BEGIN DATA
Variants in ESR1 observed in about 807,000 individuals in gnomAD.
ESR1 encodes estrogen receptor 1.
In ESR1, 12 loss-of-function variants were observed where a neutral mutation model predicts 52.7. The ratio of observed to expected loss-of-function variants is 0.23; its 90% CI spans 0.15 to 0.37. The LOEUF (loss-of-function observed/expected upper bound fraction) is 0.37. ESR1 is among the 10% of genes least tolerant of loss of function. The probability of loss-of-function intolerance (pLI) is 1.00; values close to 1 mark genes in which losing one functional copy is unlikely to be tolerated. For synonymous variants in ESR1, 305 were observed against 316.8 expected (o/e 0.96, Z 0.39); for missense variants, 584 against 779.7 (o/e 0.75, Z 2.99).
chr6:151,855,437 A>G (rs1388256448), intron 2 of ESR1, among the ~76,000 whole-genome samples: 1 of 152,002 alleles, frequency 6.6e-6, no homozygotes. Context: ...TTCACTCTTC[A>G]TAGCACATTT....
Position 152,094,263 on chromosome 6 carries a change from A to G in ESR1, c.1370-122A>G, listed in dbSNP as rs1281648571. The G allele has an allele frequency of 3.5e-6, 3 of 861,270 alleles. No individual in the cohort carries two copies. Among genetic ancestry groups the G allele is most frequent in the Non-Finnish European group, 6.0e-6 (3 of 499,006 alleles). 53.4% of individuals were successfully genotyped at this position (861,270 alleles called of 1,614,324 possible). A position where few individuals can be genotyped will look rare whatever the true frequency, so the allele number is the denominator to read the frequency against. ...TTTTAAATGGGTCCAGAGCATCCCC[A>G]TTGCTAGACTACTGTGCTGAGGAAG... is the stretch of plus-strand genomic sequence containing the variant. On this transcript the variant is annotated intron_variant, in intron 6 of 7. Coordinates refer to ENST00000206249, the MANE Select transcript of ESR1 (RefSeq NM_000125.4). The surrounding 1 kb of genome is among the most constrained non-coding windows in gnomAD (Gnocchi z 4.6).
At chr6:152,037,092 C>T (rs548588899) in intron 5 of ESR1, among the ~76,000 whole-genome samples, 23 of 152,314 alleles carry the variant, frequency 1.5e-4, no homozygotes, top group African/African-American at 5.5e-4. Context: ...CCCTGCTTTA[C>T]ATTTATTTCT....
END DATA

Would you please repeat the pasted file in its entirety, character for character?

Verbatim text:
Variants in ESR1 observed in about 807,000 individuals in gnomAD.
ESR1 encodes estrogen receptor 1.
In ESR1, 12 loss-of-function variants were observed where a neutral mutation model predicts 52.7. The ratio of observed to expected loss-of-function variants is 0.23; its 90% CI spans 0.15 to 0.37. The LOEUF (loss-of-function observed/expected upper bound fraction) is 0.37. ESR1 is among the 10% of genes least tolerant of loss of function. The probability of loss-of-function intolerance (pLI) is 1.00; values close to 1 mark genes in which losing one functional copy is unlikely to be tolerated. For synonymous variants in ESR1, 305 were observed against 316.8 expected (o/e 0.96, Z 0.39); for missense variants, 584 against 779.7 (o/e 0.75, Z 2.99).
chr6:151,855,437 A>G (rs1388256448), intron 2 of ESR1, among the ~76,000 whole-genome samples: 1 of 152,002 alleles, frequency 6.6e-6, no homozygotes. Context: ...TTCACTCTTC[A>G]TAGCACATTT....
Position 152,094,263 on chromosome 6 carries a change from A to G in ESR1, c.1370-122A>G, listed in dbSNP as rs1281648571. The G allele has an allele frequency of 3.5e-6, 3 of 861,270 alleles. No individual in the cohort carries two copies. Among genetic ancestry groups the G allele is most frequent in the Non-Finnish European group, 6.0e-6 (3 of 499,006 alleles). 53.4% of individuals were successfully genotyped at this position (861,270 alleles called of 1,614,324 possible). A position where few individuals can be genotyped will look rare whatever the true frequency, so the allele number is the denominator to read the frequency against. ...TTTTAAATGGGTCCAGAGCATCCCC[A>G]TTGCTAGACTACTGTGCTGAGGAAG... is the stretch of plus-strand genomic sequence containing the variant. On this transcript the variant is annotated intron_variant, in intron 6 of 7. Coordinates refer to ENST00000206249, the MANE Select transcript of ESR1 (RefSeq NM_000125.4). The surrounding 1 kb of genome is among the most constrained non-coding windows in gnomAD (Gnocchi z 4.6).
At chr6:152,037,092 C>T (rs548588899) in intron 5 of ESR1, among the ~76,000 whole-genome samples, 23 of 152,314 alleles carry the variant, frequency 1.5e-4, no homozygotes, top group African/African-American at 5.5e-4. Context: ...CCCTGCTTTA[C>T]ATTTATTTCT....